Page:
The announcement of Phillip Glass as the 11th recipient the Glenn Gould Prize this past April 14 gives us an opportunity to remember that Glenn Gould was himself an artist who walked amongst us. Although he was someone who changed the world of music in a number of significant ways, the fact remains that he was a person who lived in Toronto, who had friends and colleagues here, myself included, and who was always just a phone call away. He was an indisputably extraordinary individual, but to those of us who were close to him he was just “Glenn.”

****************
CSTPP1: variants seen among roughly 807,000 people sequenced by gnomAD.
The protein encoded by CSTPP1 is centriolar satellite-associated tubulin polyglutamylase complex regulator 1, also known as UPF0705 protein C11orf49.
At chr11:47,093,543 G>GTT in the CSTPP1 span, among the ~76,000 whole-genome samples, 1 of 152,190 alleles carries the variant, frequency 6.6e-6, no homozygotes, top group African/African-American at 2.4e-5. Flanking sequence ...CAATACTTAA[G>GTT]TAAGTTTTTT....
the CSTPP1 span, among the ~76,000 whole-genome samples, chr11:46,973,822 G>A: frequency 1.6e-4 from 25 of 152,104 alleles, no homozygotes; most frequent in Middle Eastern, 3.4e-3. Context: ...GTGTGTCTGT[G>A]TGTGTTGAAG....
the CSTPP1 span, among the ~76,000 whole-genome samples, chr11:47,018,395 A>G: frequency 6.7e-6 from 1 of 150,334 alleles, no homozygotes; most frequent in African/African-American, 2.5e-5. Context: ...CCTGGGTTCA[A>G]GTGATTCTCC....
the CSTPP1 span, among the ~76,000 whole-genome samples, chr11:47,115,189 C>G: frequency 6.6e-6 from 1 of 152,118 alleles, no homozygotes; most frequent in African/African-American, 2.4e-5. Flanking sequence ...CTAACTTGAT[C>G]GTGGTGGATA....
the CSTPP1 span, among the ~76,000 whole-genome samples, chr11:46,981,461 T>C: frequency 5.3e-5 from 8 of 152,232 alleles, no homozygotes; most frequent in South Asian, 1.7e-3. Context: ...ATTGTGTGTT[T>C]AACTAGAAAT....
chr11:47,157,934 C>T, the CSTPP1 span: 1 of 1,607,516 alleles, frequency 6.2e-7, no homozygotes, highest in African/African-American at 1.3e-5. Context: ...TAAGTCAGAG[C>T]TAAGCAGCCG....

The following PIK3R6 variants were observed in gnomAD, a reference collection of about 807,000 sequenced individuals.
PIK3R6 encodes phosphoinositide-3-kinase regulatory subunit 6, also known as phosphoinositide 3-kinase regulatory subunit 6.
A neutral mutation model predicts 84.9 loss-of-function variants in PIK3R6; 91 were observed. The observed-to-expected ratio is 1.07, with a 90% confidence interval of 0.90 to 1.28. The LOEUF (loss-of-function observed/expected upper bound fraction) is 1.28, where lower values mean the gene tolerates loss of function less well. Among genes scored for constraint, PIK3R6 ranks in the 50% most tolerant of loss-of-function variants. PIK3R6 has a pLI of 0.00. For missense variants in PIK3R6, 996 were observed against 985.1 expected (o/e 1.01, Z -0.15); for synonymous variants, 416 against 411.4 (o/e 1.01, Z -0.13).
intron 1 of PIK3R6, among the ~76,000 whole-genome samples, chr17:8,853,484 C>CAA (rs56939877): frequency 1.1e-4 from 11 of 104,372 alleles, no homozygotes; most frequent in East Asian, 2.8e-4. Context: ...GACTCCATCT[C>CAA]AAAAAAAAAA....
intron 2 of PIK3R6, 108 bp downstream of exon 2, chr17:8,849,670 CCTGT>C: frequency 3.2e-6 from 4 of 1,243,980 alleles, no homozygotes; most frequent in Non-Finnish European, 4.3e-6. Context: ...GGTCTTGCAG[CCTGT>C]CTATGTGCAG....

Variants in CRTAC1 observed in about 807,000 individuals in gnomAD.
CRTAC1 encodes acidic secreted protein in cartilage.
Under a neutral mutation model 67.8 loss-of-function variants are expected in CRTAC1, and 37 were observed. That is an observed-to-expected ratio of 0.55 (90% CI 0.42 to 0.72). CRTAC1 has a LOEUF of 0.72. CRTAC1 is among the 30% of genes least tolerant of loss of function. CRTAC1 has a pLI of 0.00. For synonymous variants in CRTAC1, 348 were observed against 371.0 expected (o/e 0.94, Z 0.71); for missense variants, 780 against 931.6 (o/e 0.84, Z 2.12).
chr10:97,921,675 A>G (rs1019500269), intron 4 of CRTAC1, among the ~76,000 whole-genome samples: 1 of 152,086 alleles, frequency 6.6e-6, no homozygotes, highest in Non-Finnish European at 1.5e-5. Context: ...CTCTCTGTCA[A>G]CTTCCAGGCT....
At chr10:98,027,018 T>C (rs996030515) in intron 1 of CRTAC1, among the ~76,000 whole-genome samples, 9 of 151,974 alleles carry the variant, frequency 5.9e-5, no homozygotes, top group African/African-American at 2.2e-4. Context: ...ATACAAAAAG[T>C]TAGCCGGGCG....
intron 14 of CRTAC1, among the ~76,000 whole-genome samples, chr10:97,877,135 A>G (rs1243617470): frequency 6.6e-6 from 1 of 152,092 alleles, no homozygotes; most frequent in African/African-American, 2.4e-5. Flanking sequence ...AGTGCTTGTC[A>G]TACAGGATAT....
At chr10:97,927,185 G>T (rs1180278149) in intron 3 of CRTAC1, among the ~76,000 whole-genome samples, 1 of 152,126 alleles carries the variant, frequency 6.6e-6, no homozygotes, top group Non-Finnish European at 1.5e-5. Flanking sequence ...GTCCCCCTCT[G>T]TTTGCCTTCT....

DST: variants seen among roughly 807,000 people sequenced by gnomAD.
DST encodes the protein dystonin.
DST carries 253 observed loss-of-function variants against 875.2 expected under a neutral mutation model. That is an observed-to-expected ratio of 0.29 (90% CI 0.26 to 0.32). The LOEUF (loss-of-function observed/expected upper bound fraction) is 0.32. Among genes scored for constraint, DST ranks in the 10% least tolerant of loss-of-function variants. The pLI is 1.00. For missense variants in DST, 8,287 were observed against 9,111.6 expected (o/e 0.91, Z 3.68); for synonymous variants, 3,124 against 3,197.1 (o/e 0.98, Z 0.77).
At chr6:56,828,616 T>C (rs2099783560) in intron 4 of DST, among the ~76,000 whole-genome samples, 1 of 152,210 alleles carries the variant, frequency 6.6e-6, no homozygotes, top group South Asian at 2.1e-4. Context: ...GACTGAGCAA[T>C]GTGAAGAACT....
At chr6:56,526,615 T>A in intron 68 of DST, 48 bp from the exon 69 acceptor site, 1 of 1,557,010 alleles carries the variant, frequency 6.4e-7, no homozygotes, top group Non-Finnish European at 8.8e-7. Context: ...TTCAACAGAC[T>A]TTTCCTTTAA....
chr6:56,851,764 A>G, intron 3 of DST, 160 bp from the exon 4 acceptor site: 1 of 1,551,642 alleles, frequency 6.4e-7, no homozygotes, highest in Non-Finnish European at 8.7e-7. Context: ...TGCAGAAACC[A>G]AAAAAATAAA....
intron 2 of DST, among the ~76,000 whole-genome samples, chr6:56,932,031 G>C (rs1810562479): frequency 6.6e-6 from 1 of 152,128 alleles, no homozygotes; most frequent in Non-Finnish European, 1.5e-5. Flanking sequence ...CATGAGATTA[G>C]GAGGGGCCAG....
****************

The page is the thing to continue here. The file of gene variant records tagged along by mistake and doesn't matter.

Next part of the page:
The circumstances of our first meeting are typically Gouldian. There was no introduction, no “Hello, I’m David” or corresponding, “Hello, I’m Glenn.” Rather, it came through one of Glenn’s patented devices for getting to know and sizing up another person, namely The Guessing Game.
I was the junior producer of the CBC Radio Music Department, having joined the team in January of 1973. It was now early 1974, and although Glenn was never seen in the office during the working day, there were hearsay reports of his nocturnal visits via conversations with veterans of the department. Naturally, as the low man of the Radio Music team, I was keeping late hours, learning the job and just getting work finished.